Switch Hitter Development Log

Behold as I pretend that I am a game developer.

Sprint #15: "I'll have a jam sandwich."

November 5th, 2018

Going in, I knew Sprint #15 was going to be a creative one. I decided to spend the two weeks focusing, once again, on assets: artwork, levels, and music. If that weren't enough to take me out of my comfort zone, looming over my head were two game jams I'd signed up for, each of which would task me with creating a brand new game in accordance with a theme. It was a good reminder that there's no rest for the weary.

Background art was always off in the distance

In the first few days of the sprint, I was able to create a horizontally tileable background image for use in Ensue's levels. There was a false start where I sort of forgot that backgrounds tend to, in fact, be tileable but, once I remembered that, this is what I came up with.

During its creation, it became an interesting challenge to choose colors and design it so that it truly exists behind the foreground. One criticism I have of Celeste is that I surprisingly often get confused as to what's in the foreground and what's in the background (i.e. what I can interact with and what I can't). Generally, I think this background image is representative of how I'll solve that problem. Soft colors and little, if any, outlining in the background; darker colors and more deliberate outlining in the foreground. If this sounds familiar to you, well, you may be on to something.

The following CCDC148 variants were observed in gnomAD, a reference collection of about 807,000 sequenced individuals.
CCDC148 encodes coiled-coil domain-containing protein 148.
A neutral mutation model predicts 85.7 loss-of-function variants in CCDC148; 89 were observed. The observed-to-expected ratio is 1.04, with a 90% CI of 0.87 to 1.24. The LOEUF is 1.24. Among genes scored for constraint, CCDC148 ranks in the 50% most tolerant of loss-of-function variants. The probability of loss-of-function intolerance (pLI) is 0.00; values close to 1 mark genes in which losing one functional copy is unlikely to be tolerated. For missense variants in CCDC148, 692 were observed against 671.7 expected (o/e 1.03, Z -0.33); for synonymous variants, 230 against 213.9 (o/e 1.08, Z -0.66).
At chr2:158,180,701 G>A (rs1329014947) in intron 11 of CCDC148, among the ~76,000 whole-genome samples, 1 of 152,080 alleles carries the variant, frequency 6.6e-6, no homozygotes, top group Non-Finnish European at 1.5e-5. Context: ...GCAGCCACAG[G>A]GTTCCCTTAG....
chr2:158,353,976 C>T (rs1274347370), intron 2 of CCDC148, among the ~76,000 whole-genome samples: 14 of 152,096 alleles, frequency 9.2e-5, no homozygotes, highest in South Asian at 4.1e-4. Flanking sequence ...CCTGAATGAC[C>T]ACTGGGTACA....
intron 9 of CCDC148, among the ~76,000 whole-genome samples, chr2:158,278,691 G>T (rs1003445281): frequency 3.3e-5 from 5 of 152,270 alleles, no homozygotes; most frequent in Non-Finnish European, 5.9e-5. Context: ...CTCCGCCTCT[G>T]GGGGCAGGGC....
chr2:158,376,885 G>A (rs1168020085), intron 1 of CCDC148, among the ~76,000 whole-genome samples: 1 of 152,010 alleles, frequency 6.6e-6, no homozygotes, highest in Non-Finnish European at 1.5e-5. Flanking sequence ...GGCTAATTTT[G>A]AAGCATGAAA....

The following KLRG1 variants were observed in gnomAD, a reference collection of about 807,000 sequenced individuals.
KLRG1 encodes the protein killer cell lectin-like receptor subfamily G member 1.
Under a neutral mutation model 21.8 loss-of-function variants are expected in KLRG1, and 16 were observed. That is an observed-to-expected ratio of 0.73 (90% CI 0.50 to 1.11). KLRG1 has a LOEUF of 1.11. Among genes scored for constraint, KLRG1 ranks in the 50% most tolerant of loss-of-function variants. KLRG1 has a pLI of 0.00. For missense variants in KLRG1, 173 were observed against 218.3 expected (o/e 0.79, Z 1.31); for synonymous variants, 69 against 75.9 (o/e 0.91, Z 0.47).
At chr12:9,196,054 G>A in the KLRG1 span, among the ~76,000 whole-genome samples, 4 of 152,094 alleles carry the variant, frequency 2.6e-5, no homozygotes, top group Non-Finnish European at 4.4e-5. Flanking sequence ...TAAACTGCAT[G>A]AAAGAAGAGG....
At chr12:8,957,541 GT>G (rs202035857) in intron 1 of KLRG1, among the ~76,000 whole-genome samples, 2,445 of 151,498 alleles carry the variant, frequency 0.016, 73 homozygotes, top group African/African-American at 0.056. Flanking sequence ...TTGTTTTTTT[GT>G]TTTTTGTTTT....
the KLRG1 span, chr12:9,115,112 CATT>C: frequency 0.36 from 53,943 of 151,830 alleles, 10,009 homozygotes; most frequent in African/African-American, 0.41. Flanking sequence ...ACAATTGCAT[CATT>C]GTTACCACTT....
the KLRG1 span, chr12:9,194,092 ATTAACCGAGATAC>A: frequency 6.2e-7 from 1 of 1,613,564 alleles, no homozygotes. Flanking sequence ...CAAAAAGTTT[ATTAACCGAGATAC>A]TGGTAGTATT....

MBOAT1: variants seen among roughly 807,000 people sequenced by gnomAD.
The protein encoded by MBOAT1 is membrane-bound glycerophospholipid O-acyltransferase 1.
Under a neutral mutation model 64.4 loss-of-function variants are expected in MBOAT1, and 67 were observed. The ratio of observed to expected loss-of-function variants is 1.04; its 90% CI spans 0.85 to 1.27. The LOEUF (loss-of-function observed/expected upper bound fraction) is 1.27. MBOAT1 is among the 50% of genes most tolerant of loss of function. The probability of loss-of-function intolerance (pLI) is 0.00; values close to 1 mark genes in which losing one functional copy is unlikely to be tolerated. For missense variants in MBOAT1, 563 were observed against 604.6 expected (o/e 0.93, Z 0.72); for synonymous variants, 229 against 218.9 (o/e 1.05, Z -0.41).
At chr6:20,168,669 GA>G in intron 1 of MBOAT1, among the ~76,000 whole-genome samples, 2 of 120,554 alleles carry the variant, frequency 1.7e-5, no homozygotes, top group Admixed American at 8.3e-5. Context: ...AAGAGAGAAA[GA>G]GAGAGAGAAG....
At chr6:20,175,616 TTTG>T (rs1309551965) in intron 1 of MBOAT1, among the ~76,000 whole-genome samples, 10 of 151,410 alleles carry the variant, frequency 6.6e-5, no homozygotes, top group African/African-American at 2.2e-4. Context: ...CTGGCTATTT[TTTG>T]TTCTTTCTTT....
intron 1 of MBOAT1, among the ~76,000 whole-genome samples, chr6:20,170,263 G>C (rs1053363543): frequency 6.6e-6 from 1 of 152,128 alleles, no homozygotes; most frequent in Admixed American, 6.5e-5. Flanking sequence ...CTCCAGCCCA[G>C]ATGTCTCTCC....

It's not a majestic piece of art or anything but, for someone who really doesn't know what they're doing when it comes to this type of thing, I like the way it came out and I look forward to making more of them in the future. What's more, just about anything provides a huge jolt of flavor to the basic look of Ensue. Here are some before and after screenshots.

In no uncertain terms, it's just a major boost in the "wow, this is actually starting to feel like a real video game" department. I also happen to think I nailed the outfield fence colors and I'm even really happy with the dithering I used for the warning track and grass.

Death to brown-ish boxes

Straddling the first game jam was the addition of two sorely needed animations: a swiping glove and a swinging bat. To be honest with you, I'm so embarrassed at how long it's taken me to produce this artwork--given the fact that I've produced any at all--I'm not even going to bother reminding you what things looked like before this. This is what they look like now.

The bat took an incredible amount of tweaking to get right (to the extent that I think it's "right") and I was actively using the Slugger's sprite as a reference image. The glove, thankfully, went a bit faster. Overall, I'm happy with the animations themselves but I'd like to tweak the hero's movement during the swipe/swing actions to sort of reinforce what's going on. That's for a medium-term sprint, though, I think.

As good as feedback gets